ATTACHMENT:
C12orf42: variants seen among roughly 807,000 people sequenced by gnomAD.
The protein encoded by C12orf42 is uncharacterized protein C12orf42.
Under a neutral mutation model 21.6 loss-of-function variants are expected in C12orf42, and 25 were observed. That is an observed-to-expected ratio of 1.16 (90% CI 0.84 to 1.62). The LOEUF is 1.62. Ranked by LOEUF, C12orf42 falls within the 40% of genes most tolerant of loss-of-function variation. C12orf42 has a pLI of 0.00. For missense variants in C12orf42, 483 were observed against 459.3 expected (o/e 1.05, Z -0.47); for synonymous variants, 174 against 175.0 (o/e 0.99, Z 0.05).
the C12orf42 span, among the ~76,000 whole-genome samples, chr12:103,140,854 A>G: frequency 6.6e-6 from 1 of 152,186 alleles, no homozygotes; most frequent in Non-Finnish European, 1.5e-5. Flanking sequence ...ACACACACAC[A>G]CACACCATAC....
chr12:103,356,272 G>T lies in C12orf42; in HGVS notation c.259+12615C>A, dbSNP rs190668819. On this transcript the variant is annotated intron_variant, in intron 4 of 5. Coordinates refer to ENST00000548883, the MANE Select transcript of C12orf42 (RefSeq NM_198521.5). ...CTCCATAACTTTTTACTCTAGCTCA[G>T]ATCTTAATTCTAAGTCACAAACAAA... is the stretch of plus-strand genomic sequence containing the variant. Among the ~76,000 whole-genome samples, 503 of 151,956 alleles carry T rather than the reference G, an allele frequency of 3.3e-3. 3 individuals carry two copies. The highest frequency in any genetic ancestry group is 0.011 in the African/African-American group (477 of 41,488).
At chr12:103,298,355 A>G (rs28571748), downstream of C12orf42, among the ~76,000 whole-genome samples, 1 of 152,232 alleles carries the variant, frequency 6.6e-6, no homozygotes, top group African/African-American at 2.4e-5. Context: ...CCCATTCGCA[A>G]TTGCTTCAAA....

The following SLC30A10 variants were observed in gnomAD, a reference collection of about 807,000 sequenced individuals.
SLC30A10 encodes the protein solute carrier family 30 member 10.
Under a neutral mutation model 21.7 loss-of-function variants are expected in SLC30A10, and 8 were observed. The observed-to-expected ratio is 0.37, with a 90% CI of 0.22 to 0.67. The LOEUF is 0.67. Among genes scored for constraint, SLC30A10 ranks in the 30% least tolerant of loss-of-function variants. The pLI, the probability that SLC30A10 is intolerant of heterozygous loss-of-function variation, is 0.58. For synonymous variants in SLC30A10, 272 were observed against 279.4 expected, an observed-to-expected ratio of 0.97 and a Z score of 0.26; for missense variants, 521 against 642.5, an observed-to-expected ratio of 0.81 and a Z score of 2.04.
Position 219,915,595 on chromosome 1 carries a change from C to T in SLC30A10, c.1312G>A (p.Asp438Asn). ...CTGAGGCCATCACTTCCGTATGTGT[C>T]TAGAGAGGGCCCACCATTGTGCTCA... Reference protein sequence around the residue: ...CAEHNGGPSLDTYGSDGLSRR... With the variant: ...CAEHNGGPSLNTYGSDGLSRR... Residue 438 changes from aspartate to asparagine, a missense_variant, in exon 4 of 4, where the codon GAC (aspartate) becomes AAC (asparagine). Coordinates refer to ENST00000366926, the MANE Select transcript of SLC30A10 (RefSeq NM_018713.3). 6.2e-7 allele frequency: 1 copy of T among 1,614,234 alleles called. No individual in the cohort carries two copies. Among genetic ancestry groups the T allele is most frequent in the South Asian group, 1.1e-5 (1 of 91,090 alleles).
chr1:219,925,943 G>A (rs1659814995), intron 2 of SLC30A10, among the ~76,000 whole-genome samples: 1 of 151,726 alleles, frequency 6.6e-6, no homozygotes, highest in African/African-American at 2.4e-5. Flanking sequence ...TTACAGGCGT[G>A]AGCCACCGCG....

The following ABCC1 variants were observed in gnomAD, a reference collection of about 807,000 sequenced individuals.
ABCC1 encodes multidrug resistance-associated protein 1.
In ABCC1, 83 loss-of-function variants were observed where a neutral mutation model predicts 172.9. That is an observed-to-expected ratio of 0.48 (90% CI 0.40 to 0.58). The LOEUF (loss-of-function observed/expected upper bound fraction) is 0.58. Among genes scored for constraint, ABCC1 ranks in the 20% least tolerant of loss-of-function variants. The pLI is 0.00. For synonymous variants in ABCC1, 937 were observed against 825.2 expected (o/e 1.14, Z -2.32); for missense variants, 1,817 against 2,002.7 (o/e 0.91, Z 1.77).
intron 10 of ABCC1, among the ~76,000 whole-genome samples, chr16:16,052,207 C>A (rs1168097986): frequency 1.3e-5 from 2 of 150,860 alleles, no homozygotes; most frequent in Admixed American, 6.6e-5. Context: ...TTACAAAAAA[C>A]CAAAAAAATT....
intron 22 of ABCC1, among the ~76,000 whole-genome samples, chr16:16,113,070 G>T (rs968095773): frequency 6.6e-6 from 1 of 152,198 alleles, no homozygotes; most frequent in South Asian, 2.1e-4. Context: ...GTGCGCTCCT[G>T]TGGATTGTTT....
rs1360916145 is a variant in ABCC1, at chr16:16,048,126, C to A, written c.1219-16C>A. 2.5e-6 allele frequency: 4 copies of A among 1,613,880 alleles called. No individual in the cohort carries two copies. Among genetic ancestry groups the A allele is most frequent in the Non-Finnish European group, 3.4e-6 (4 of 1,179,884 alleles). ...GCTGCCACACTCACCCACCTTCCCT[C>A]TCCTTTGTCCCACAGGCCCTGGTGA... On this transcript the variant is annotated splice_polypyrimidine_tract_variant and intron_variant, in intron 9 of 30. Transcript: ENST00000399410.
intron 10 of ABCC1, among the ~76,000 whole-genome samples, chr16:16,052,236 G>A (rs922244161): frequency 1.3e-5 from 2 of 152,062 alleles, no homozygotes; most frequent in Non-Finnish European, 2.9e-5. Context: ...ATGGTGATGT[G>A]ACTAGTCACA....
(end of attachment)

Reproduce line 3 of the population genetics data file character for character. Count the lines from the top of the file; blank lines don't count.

Under a neutral mutation model 21.6 loss-of-function variants are expected in C12orf42, and 25 were observed. That is an observed-to-expected ratio of 1.16 (90% CI 0.84 to 1.62). The LOEUF is 1.62. Ranked by LOEUF, C12orf42 falls within the 40% of genes most tolerant of loss-of-function variation. C12orf42 has a pLI of 0.00. For missense variants in C12orf42, 483 were observed against 459.3 expected (o/e 1.05, Z -0.47); for synonymous variants, 174 against 175.0 (o/e 0.99, Z 0.05).